The history of our national anthem and whether it still unites us
Americans have often turned to symbols to push against the worst parts of America’s politics, according to University of Michigan musicology professor, Mark Clague.
From our statues and flags to our national anthem, Americans remain deeply divided over our symbols. It is not uncommon to debate what kinds of stories and heroes we should be dignifying in our public squares.
But U.S. symbols — both in past and present — are always in flux. Many of the things that we’ve come to cherish have already been altered throughout history.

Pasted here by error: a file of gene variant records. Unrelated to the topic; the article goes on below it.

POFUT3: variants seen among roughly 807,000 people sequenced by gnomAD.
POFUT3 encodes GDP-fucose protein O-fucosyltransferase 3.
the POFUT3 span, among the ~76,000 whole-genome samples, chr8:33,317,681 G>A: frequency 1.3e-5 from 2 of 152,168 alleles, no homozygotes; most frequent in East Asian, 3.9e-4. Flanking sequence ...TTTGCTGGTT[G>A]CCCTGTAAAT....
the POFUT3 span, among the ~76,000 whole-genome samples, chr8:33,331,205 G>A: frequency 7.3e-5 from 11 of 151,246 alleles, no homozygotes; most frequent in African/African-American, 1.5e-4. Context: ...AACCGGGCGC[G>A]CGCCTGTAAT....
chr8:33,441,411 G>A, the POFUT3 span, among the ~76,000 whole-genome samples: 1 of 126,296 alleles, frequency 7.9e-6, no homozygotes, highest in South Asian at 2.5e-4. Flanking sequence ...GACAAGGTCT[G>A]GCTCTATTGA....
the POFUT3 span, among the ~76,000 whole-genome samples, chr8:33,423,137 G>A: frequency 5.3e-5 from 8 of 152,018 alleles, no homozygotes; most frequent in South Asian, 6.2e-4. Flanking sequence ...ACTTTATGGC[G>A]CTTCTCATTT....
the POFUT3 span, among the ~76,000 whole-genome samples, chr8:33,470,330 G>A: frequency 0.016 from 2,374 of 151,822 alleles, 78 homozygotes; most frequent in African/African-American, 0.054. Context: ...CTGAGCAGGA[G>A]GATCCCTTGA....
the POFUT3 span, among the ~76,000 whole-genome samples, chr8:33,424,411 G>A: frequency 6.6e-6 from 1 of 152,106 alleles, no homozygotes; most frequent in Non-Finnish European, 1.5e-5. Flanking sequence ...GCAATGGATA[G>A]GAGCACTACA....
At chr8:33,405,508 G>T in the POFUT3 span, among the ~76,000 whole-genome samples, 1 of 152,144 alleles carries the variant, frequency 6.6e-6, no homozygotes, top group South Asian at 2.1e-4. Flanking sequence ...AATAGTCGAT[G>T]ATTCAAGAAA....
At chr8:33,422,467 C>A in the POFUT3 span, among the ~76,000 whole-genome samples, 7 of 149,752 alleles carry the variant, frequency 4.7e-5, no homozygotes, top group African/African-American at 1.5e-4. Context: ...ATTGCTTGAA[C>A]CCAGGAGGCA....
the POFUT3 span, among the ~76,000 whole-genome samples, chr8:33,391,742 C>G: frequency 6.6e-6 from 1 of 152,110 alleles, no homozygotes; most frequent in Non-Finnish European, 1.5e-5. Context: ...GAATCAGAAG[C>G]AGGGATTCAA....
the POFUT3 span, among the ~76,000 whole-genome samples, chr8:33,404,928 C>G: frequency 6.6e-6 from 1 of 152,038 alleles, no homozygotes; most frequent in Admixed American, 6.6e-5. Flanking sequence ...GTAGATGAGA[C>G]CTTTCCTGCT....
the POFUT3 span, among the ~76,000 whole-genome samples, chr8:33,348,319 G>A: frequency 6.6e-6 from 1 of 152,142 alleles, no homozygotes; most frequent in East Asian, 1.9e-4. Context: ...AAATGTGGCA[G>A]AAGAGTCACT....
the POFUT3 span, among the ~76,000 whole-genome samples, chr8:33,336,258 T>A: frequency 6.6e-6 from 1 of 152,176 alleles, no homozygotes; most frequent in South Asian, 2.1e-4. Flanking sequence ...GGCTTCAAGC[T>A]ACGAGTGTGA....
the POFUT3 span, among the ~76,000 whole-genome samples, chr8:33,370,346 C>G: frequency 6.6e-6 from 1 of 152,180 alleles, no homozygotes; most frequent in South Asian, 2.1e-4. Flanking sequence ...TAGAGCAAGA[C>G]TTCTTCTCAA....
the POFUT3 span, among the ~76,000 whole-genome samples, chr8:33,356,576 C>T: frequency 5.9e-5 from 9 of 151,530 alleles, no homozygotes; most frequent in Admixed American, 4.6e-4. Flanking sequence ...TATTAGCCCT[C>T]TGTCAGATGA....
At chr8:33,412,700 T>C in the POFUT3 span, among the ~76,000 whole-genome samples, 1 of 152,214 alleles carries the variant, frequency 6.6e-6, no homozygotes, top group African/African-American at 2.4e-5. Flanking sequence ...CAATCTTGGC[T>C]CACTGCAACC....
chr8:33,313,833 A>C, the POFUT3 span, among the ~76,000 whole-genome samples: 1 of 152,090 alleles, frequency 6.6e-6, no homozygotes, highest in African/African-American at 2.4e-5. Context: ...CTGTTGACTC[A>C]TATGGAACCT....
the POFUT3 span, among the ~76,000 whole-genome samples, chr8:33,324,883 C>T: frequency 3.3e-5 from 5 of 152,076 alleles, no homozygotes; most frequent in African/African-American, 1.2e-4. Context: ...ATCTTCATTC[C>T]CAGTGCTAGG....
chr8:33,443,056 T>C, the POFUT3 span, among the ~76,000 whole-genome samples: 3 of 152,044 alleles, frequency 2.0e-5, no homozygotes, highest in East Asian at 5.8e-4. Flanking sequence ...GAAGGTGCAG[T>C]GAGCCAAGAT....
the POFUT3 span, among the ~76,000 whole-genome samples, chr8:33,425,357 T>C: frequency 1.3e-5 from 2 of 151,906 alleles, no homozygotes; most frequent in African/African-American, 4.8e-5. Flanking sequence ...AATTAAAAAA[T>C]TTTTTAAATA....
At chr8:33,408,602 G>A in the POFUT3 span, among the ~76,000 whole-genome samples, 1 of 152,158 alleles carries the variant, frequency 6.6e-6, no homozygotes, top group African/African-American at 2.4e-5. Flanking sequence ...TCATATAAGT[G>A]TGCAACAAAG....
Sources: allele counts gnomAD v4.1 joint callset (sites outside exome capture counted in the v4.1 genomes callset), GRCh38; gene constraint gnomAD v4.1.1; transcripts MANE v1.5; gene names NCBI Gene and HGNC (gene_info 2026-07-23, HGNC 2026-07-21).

“The anthem means many things and it means different things and it’s how we use it, how we bring it to life in American history that I think is the critical question.” — Mark Clague, professor and author
Listen: The history of America’s national anthem.
Mark Clague is a University of Michigan professor of musicology and author of “O Say Can You Hear? A Cultural Biography of ‘The Star-Spangled Banner.’” He says there were abolitionists who wrote lyrics of the Star-Spangled Banner to recontextualize it, arguing against slavery.
“That’s really what, I guess, my book tries to bring out, is this living aspect that the anthem means many things and it means different things and it’s how we use it, how we bring it to life in American history that I think is the critical question,” says Clague.
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